I hope you are not completely exhausted from the phrase “the new evangelization”. If you are, I understand. It’s become a phrase that can be just noise or a label slapped on anything. Like a corporation changing its logo to green to join the “green movement”, Catholic initiatives can slap “new evangelization” on basically anything they are doing and jump on the bandwagon, even if it’s not going anywhere.

Here are two facts to understand the term. Firstly, the Church has always been called to evangelize, to spread the Gospel of Jesus Christ. She exists as a missionary reality. Secondly, the reason the current struggle to evangelize is “new” is because we are living in a completely new situation which is distinctly different from the early Church and the Middle Ages as well. Before explaining how it’s different, you have to understand how evangelization was largely done prior to the modern era.

As Rome collapsed and Barbarians invaded, the darkness of chaos settled in the ruins, and the Church no longer had the Emperor as an ally. Slowly, however, a few rulers were converted (some more sincerely than others) and with them, small pockets of the world began to grow towards a truly Christian culture, one that would flourish beyond what was possible with fallen Rome.

In ancient times when a king or ruler converted, his domain came with him. “Christendom” means literally “the domain of Christ”, and it was won by having king’s posit their domain within Christ’s. Of course there were ugly elements that came and went, but the rule against which society was judged was the Gospel. The Pope, as Christ’s vicar, was an authority above the earthly rulers of Christendom, which is why they thoroughly avoided his condemnation.

Christendom is gone. Its unity was broken after the Protestant Revolt, and the steady progress of materialistic and individualistic philosophies has turned what was left of Europe into an essentially secular anti-culture in denial of its Christian heritage and roots.

So, what is new in the new evangelization is that we are now going back into former Christian countries to bring the Gospel, not to fallen pagan empires and distant lands. I’ve heard it put that we are evangelizing baptized pagans. The challenge cannot be understated. Former Christian cultures seem to be inoculated against the faith – they’ve got just enough of it left to be immune to any talk about it. They really think they know what Catholicism is, but they “know” a counterfeit, and it’s very difficult to get anywhere with the Gospel with someone who thinks they already know it, and have intentionally and willfully rejected the counterfeit.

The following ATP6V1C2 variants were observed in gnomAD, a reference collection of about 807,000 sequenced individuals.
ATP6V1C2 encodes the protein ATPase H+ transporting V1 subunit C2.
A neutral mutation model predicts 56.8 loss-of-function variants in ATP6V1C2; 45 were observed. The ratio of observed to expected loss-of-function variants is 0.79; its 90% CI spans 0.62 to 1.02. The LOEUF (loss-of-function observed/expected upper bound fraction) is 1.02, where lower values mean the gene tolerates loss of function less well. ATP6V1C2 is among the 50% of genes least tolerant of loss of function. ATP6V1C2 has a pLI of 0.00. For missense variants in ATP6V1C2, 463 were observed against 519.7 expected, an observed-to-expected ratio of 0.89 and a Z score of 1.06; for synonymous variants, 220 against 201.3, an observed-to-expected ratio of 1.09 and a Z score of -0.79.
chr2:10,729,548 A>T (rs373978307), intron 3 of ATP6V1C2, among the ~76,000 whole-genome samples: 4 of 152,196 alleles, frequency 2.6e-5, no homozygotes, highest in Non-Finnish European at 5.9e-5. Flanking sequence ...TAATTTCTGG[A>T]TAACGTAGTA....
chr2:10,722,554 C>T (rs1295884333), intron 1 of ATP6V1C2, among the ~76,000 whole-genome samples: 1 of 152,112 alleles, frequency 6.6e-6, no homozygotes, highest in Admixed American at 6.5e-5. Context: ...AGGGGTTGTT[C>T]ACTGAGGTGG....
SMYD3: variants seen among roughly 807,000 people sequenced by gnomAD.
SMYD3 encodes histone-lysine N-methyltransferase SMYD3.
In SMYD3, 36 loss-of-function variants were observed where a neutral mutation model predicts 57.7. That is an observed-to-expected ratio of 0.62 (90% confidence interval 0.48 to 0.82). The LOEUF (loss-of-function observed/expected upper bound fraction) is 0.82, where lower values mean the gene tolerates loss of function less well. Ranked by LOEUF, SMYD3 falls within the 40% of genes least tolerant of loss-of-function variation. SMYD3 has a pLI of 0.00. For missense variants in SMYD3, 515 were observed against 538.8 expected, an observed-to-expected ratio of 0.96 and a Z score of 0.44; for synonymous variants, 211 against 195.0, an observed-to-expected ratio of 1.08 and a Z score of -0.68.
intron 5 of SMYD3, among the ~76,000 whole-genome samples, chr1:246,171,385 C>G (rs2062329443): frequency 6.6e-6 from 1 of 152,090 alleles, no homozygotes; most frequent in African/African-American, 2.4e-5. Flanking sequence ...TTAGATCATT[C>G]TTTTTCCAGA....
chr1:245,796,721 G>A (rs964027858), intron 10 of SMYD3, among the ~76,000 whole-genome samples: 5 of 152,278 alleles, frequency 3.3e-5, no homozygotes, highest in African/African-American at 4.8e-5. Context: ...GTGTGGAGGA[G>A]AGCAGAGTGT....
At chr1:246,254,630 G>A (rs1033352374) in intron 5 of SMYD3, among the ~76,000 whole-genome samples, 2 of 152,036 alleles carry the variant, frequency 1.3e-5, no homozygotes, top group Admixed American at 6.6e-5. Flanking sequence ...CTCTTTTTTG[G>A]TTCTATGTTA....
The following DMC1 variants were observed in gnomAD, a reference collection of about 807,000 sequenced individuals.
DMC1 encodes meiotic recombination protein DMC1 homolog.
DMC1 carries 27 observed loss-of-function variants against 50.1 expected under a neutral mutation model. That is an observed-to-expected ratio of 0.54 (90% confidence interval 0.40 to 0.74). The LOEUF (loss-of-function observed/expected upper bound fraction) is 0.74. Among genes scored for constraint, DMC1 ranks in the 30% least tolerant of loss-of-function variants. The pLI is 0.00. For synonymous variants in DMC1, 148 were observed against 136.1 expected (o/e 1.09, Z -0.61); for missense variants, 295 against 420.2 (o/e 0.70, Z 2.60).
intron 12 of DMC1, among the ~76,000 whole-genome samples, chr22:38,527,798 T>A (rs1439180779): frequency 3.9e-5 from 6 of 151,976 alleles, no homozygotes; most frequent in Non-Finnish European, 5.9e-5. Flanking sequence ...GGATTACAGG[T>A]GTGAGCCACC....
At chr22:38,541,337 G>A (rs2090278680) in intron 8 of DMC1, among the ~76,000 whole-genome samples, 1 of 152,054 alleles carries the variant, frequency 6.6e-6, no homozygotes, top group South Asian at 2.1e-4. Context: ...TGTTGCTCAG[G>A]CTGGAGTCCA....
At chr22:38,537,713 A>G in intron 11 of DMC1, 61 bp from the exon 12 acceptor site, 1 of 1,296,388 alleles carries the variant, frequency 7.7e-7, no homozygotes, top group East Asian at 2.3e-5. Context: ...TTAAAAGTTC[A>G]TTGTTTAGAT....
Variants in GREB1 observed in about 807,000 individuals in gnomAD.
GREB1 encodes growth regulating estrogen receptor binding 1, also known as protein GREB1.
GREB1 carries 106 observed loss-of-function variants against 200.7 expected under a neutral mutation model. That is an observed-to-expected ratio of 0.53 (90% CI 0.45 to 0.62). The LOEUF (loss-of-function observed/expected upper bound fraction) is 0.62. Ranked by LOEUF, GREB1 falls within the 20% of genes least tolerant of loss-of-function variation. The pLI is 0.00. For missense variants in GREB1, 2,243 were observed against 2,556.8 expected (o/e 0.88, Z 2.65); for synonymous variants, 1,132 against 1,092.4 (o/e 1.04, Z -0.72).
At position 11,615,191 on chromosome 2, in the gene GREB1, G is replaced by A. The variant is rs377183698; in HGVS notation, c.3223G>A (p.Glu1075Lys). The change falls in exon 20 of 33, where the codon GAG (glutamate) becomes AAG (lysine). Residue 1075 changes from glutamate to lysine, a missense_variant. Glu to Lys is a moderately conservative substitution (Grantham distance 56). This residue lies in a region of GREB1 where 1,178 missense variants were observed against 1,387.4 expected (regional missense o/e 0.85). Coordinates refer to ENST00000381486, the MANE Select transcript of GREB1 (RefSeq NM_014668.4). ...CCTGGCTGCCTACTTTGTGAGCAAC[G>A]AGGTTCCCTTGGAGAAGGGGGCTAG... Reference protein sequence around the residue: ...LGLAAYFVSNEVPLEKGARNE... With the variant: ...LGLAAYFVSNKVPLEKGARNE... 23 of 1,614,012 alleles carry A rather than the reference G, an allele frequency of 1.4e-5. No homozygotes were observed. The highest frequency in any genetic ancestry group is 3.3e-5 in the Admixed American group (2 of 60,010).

C.S. Lewis said trying to win back apostate Christians is like trying to reconcile a divorced marriage.

So, in calling for a new evangelization, St. John Paul II called for new “ardor, methods, and expression”, because the old ones are recognized and dismissed in former Christian countries. And while some places simply slip “new evangelization” into wordy and confused mission statements, there are real pockets of growth and zeal – people taking the call of the Holy Fathers seriously. But, there is one area where the new can learn from the old: convert the kings.

Men, despite a fatwa from political correctness militants, remain the primary rulers of the faith in their domains – the family. Studies, like this revealing one from a Baptist group, have shown that when a child or mother converts to a faith, it is usually just them that convert (3.5% of the time with kids, 17% with mom). When a father converts, however, the entire household will likely follow (93% of the time). So, while it might not be as sweepingly effective as having Charlemagne unite a former empire under the cross, it is nonetheless a target placed on the “head” of a society, the family, with the whole society following the head’s lead.

As missionaries went right into the heart of empires, like St. Francis marching up to the Muslim Sultan of Egypt, so too clergy today must get right in the face of kings in need of conversion. I’m talking about honest, effective, long-term strategies to make sure that as many fathers as possible are evangelized and catechized as men, directly, intensely, and consistently.

Just consider the numbers. Let’s work with the average family size in the US of 3.13 (yes, that’s a problem, but we are working an example of families not in the Church yet, remember?). If we pour a ton of resources into youth ministry, and get a youth group going with, say, 40 teenagers (which is generous) – that will bring in about 43 people if you say 3.5% of them bring in their family. If you get 40 men you will reach about 119 souls total (93% of them bringing the 2.13 people left at home). That’s almost a 200% return reaching men verses a 7.5% return reaching youth.

Where should we be focusing our efforts then? This is why it is such a problem when men do not feel welcome at Church. I am also very heartened to see even a few bishops go beyond a men’s conference here and there and put forth serious leadership on this issue – Bishop Olmstead is boldly doing just that, and Bishop Cozzens is also ramping up a real strategy with the help of leaders in the Catholic men’s movement.

Despite modern ideologies, the father is still the leader of the home when it comes to faith – it remains in the king’s domain. The question: will he lead them into the Church or out of it? Will he submit to a higher ruler? I think it is time to propose it to him more directly. Convert the king!

02 / 24 / 2016
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